When you write things by hand, you activate a unique neural pathway in your brain. This pathway is linked to your ability to learn and remember things — which makes travel journal prompts not just useful in the moment, but great for committing the highlights of your trip to memory.
There are countless reasons to keep a travel journal. You might love the process of journaling, and have no desire to look at your journal once it’s complete. Or you might be taking notes so you can turn your experience into a series of blog posts once you get back home. Whether it’s public or private, wild or organized, short or long, your travel journal can help you get the most out of your trip.
And with the right travel journal prompts, you can record your experiences in precisely the way you’d most like to remember them. Read on to find out which travel journal prompts you should try, plus our favorite ways to use them!
Why Keep a Travel Journal?
If you’ve never written a travel journal before, you might be wondering what the benefits are. Here are a few reasons why you should try putting travel journal prompts into action on your next trip.
Improves Your Memory
Some people never forget an experience, but others struggle to recall the details. As mentioned above, physically writing things down can help you remember things better.
Since you’re forced to be selective about what you write, your brain makes a more significant effort to commit that information to memory. This is useful for remembering words in a new language or how to get around a new city, as well as for remembering your trip overall.
And as time goes by, you’re sure to forget some of the details of your trip. When you look back at your travel journal, all of those details you’d forgotten will come rushing back into your mind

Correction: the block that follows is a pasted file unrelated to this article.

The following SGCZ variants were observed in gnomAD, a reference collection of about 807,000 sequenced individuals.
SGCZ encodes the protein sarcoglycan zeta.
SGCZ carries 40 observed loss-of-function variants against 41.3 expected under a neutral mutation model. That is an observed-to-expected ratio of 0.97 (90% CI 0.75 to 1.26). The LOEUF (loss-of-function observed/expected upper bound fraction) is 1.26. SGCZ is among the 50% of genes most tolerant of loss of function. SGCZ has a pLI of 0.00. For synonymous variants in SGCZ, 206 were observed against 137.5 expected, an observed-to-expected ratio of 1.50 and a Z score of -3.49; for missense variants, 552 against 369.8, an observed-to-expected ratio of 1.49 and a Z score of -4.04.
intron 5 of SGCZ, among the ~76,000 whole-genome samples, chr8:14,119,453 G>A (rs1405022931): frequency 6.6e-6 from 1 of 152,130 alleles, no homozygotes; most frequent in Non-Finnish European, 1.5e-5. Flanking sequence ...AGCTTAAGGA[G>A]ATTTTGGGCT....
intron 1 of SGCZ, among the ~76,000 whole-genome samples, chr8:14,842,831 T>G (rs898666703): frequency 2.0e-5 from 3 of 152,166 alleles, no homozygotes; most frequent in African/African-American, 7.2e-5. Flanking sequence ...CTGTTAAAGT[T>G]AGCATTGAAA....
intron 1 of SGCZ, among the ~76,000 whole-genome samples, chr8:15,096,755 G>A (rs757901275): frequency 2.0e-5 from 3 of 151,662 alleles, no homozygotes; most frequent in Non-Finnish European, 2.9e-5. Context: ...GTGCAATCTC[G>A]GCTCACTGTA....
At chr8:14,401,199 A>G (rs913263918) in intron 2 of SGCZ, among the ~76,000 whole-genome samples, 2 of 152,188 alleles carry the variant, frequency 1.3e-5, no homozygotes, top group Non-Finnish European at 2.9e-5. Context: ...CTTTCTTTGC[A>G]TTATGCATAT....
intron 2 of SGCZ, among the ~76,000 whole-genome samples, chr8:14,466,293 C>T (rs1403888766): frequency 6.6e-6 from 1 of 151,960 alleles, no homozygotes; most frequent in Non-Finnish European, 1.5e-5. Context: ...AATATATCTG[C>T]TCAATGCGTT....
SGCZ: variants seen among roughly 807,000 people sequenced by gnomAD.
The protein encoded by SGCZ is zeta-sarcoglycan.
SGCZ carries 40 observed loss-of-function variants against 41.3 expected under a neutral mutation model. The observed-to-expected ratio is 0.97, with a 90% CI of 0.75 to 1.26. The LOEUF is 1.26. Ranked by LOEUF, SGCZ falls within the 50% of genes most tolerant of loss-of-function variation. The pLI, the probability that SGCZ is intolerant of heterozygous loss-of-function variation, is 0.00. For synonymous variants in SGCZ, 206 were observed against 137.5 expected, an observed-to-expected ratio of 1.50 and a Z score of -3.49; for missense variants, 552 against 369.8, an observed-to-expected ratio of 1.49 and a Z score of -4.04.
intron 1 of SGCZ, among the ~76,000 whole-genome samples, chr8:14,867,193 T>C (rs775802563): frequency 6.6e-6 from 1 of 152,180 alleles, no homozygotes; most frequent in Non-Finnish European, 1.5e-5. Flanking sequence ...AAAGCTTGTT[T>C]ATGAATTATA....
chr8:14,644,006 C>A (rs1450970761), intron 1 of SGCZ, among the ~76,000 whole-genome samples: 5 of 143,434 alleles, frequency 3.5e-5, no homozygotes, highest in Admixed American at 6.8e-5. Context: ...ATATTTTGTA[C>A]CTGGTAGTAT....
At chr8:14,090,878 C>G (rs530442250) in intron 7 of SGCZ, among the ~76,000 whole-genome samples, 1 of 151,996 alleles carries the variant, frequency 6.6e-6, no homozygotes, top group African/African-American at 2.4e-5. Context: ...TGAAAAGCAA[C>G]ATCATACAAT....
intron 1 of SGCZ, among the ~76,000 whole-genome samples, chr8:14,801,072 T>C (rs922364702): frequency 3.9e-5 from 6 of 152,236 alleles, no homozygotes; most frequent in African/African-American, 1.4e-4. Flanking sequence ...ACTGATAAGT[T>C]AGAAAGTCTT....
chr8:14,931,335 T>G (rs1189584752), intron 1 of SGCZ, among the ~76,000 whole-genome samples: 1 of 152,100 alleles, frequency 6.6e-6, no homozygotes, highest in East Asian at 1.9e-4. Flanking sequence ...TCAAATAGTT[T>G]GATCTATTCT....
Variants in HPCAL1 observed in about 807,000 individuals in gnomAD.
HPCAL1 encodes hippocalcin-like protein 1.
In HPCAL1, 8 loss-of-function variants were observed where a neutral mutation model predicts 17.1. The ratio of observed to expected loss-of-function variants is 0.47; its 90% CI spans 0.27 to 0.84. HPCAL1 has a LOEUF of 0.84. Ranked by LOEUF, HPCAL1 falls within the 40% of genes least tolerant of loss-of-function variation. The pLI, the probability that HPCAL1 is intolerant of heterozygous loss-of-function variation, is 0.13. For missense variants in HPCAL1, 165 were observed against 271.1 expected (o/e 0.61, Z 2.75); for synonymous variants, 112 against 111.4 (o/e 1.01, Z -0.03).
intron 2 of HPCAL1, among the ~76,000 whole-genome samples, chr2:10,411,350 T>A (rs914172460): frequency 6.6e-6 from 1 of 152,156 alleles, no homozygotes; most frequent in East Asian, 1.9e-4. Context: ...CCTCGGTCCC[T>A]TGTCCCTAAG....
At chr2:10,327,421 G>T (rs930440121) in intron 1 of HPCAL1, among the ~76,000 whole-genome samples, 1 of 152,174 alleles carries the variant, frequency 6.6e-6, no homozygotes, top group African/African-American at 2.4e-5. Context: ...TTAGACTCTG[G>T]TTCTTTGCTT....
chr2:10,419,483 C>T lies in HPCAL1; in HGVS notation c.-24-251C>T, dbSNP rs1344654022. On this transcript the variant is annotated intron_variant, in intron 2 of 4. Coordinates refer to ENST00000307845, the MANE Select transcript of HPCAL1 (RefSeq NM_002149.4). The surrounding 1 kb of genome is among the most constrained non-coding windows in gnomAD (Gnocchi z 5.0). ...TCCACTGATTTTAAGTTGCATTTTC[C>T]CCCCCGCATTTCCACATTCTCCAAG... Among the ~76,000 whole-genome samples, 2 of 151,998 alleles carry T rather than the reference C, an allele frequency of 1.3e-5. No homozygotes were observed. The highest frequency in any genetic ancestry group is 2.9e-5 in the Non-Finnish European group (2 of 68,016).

Helps With Networking
Sometimes, you meet amazing people when you travel. They can become future friends, travel companions, or even coworkers. But when you just add their contact information to your phone or follow them on social media, it’s easy to forget to follow up.
Taking notes in a travel journal instead ensures you’ll remember exactly who you met, where you met them, and what you can talk about when you reach out. You can even glue people’s business cards into your travel journal, so you don’t lose them!
Kills Time And Reduces Stress
When you’re traveling, you often have a lot of downtime. It can be stressful to find yourself on a long plane ride with nothing to read or in an unfamiliar train station with an hour to wait. Writing, doodling, or even just reading your travel journal helps you get through those times. It also gives you a place to express any stress, worry, or frustration, so you can process it and move on.
Our Favorite Travel Journal Prompts
Sometimes, the hardest part about starting a travel journal is just knowing what to say. Keeping a few travel journal prompts on hand will ensure that you never run out of things to write about. Try these travel journal prompts or get inspired to make up your own!
What will it be like when I get there?
Your travel journal experience can start before you leave. We love travel journal prompts that involve speculation and imagination. Try writing down what you expect from your trip, what you think the country will be like, or what you hope to experience.
You can even write down things like why you’re going on your trip. Sometimes, you might have an idea of your purpose. But you’ll gain a deeper understanding of it from the process of writing it down. Or, you could use your journal as a planning tool. Write down your ideal itinerary. Or compose a list of things you want to do and your travel plans to get to each one.
If you feel stuck on the creative aspect of journaling, just writing this basic information can help get the words flowing.
What do I see? Smell? Hear? Feel? Taste?
The five senses all make great travel journal prompts. Without trying to make it anything creative or profound, you can just start by writing down your sensory experiences. Sometimes, this will inspire you to say more, such as writing the whole story behind that experience. Other times, it can merely serve as a record to help you remember the trip when you get back home
What did I eat today?
Springboarding from the idea of writing about your senses, you can actually turn part (or all) of your travel journal into a food journal. This is especially great for passionate foodies and people who love to cook. Writing about your food can also inspire you to learn about the ingredients or ask for recipes to try at home.
What am I unhappy about?
The myth that every trip needs to be perfect and joyous the whole time can get in the way of your real enjoyment. Difficulty is part of travel, too. Sometimes the challenges are ultimately what you learn the most from.